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A crowd gathered at the Red Deer train station to provide a sendoff for members of “C” Squadron of the 12th Canadian Mounted Rifles Regiment. Heading off to join WWI in May 1915. Photo courtesy City of Red Deer Archives. P2603

Rivers, creeks and streams have shaped the land for eons, slowly carving away earth to reveal the terrain we know today. Much of the same can be said for the impact and influence that railways had in shaping the size and shape and even the very location of what is now the City of Red Deer. 

Prior to the construction of the Calgary and Edmonton railway, which started heading north from Calgary in 1890, what we now recognize as the bustling city of Red Deer was unbroken and forested land. The nearest significant settlement was the crossing for the C&E Trail of the Red Deer River, very close to where the historic Fort Normandeau replica stands today. 

Small town of Red Deer from along the Calgary and Edmonton Railway line looking north circa 1900. The Arlington Hotel and the CPR station can be seen. Photo courtesy City of Red Deer Archives. P4410

 

Above left: The Canadian Northern Railway excavating grade along the side of North Hill of Red Deer, AB in 1911. Using the steam shovel Bucyrus and trains. Photo P782. Above right: Workers building the Canadian National Railway trestle bridge at Burbank siding near Red Deer, AB, 1924. P7028. Photos courtesy City of Red Deer Archives.

Reverend Leonard Gaetz whose land formed the townsite for Red Deer. Photo courtesy City of Red Deer Archives. P2706

Navigating how to handle crossing the Red Deer River would be a significant challenge for construction of the railway route. Initially, the route was planned to take the tried-and-true path that had served animals, first nations people and fur traders for centuries, past the Red Deer River settlement. Yet just as the mighty river powerfully shaped the contours and dimensions of the land, the future site of Red Deer would be singlehandedly determined by Reverend Leonard Gaetz.

Rev. Gaetz offered James Ross, President of the Calgary and Edmonton Railway company,  land from his personal farmlands for the river crossing and the townsite for Red Deer.  Ross accepted and history was forever shaped by the decision, as what is now home to more than 100,000 people grew steadily outward starting at the C&E Railway train station.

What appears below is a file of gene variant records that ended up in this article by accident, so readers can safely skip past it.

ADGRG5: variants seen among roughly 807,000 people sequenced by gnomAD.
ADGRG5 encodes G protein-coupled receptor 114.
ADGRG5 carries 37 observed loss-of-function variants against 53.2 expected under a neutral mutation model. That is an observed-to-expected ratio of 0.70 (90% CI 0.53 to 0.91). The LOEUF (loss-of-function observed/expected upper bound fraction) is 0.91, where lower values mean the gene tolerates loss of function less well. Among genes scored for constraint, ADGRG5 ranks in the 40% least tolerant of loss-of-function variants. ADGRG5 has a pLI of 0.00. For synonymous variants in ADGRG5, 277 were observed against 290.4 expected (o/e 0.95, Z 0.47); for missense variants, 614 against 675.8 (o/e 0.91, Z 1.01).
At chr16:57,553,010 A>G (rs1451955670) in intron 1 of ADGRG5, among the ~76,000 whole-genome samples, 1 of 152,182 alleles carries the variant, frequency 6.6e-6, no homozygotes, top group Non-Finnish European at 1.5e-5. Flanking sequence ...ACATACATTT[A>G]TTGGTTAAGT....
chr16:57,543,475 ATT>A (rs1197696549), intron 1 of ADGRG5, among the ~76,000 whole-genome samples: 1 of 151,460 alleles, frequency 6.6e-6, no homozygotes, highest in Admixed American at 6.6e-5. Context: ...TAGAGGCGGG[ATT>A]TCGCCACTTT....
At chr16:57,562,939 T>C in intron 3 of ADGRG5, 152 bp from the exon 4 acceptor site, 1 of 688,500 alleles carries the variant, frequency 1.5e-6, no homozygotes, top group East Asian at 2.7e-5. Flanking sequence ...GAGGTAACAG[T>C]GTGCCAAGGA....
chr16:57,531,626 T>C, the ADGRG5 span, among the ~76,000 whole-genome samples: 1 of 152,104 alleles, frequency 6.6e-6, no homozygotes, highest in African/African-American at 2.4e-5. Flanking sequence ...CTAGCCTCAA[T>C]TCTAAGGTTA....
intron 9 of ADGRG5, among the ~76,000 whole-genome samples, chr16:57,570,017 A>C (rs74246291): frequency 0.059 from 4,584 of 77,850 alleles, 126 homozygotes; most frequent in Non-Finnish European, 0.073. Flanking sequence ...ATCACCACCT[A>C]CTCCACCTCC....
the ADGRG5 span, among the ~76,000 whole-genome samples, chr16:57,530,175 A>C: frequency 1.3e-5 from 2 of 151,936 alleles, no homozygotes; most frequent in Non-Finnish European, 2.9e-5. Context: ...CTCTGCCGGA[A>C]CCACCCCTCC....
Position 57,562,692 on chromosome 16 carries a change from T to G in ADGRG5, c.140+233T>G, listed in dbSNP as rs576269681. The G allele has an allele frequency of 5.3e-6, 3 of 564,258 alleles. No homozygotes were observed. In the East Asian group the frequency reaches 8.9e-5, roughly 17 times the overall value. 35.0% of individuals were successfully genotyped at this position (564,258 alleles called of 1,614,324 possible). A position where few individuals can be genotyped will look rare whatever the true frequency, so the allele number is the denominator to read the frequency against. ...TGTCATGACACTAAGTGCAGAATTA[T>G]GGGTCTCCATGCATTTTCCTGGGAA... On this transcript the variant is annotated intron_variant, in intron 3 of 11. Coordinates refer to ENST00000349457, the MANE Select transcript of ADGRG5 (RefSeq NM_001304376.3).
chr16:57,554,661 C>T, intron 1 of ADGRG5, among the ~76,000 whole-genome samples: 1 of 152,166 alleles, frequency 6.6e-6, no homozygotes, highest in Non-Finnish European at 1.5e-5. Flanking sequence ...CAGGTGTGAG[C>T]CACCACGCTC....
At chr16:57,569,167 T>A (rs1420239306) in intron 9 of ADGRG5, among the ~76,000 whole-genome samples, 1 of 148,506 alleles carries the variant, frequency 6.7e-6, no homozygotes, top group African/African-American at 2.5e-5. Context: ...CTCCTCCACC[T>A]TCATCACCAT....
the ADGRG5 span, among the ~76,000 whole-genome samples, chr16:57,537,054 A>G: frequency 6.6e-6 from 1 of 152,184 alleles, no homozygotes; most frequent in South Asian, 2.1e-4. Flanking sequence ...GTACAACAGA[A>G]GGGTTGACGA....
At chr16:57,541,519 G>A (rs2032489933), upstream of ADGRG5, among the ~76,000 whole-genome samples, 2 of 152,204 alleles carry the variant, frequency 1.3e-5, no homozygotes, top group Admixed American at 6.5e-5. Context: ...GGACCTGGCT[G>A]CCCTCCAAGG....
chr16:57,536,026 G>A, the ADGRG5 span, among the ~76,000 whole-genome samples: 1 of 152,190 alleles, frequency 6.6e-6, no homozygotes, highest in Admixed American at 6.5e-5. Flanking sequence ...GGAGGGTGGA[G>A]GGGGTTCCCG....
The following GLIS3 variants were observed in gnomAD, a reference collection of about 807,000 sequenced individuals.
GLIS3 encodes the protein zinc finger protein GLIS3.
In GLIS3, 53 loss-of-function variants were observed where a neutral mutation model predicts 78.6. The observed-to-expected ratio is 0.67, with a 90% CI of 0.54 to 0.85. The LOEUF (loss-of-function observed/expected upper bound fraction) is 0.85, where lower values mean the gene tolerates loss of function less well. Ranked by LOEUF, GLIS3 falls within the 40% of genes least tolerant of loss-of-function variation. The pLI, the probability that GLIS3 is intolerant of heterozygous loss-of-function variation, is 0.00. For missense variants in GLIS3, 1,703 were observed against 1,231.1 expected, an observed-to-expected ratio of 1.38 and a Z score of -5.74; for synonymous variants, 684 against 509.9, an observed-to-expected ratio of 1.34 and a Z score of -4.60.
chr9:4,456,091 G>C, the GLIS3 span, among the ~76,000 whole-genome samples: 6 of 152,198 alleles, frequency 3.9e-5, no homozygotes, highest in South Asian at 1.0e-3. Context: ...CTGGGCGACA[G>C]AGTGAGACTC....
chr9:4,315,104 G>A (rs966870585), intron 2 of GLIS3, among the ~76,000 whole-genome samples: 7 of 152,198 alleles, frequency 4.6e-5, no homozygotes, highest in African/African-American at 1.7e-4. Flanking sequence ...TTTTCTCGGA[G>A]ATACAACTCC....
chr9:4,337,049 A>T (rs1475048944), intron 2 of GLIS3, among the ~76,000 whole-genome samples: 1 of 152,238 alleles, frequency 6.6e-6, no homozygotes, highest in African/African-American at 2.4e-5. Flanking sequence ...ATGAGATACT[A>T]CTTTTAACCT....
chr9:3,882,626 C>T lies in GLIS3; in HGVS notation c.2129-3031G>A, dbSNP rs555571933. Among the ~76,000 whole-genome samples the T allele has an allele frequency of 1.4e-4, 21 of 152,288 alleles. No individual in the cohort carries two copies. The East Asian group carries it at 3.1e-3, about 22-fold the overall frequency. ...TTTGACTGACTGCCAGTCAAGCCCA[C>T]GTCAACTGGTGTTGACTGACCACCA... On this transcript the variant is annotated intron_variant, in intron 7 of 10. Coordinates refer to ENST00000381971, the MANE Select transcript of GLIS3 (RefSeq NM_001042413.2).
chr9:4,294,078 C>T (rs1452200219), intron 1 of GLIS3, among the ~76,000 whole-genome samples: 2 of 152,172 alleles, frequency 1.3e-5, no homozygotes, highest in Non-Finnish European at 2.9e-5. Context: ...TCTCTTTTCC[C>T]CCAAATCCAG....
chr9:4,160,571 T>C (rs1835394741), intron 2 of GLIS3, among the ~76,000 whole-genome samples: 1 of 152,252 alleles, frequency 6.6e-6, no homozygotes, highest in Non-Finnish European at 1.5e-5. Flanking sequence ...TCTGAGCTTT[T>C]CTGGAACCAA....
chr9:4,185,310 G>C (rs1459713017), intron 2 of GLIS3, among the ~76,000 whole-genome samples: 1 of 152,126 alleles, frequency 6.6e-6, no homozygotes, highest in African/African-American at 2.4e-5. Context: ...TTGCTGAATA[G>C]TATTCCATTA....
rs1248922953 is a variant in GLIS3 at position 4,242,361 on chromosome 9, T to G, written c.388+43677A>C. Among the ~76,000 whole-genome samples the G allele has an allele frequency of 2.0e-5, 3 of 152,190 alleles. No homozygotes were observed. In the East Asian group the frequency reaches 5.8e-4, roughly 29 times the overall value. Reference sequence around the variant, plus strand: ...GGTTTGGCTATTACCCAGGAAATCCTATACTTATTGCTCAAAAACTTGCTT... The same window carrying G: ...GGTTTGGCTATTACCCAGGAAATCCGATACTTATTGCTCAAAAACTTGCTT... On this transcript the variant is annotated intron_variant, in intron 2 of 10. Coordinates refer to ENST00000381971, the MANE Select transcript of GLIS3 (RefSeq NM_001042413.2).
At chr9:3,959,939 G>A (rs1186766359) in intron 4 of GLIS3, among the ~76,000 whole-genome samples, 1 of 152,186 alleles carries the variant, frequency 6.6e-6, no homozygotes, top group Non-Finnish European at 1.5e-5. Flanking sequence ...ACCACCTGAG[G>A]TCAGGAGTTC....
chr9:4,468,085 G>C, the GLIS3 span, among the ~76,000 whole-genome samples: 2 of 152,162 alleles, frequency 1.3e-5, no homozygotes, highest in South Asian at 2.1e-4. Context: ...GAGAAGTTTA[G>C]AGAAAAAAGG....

A steam engine pulling a passenger train, likely near Penhold, AB, sometime between 1938 and 1944. Photo courtesy City of Red Deer Archives. Photo P3595.

The rails finally reached the Red Deer area in November of 1890 and trains soon began running south to Calgary. By 1891, the Calgary and Edmonton railway was completed north to Strathcona. Alberta gained one of its most vital transportation corridors and the province would thrive from this ribbon of steel rails.

CPR Station in 1910

Over time, the C&E railyards grew and expanded to accommodate the demand for moving more and more commodities like grain, coal, lumber and business and household items along with passengers. Those passengers were the pioneer settlers who would make Red Deer the commercial hub that it remains to this day.

Alberta-Pacific Elevator Co. Ltd. No. 67 elevator and feed mill, circa 1910. Photo courtesy City of Red Deer Archives Photo P3884.

For nearly 100 years, the downtown was intimately connected with the railway in the form of hotels built to welcome travelers, grain elevators, warehouses, factories and the facilities required to service the locomotives and equipment that operated the trains. Tracks and spurs dominated the downtown area, especially after the advent of the Alberta Central Railway and the arrival of the Canadian Northern Western Railway (later absorbed into Canadian National railways).

Left: Aerial view of downtown and the railyards in1938. Note old CPR bridge over the Red Deer River along with the old CNR bridge that was demolished in 1941. P2228 Centre: CPR Track at south end of Red Deer, circa 1904 or 1905. P8060 Right: CPR depot water tower and round house in 1912. P3907. Photos courtesy City of Red Deer Archives.

 

Left: CPR downtown railyards in 1983. Photo S490. Right: Southbound morning Chinook train at the CPR station in the summer of 1939. P13391. Photos courtesy City of Red Deer Archives.

By the 1980s, the ever-present tracks and downtown railyard were seen as an industrial blight in the heart of the city that the railway created so funding was sought and plans were made to relocate the now Canadian Pacific rails from their historical home to a new modern yard northwest of the city. 

This was actually the second relocation of tracks from downtown as the Canadian National railway tracks were removed in 1960 which permitted the development along 47th Avenue south of the Red Deer River.

This massive project opened up the Riverlands district downtown to new developments which included condominiums, grocery stores, restaurants and professional buildings. Taylor Drive was built following the old rail line corridor and removal of the tracks in Lower Fairview meant residents wouldn’t hear the rumble of trains in their community anymore. 

Just as the waters gradually shaped the places we know now, the railways definitely forged Red Deer into the vibrant economic hub of central Alberta that it remains today. 

The 45th Street overpass across the CPR tracks. This was demolished in 1992. Photo courtesy City of Red Deer Archives. Photo S8479.

We hope you enjoyed this story about our local history.  Click here to read more history stories on Todayville.

Visit the City of Red Deer Archives to browse through the written, photographic and audio history of Red Deer. Read about the city and surrounding community and learn about the people who make Red Deer special.

My name is Ken Meintzer.  I’m a storyteller with a love of aviation and local history. In the 1990’s I hosted a popular kids series in Alberta called Toon Crew.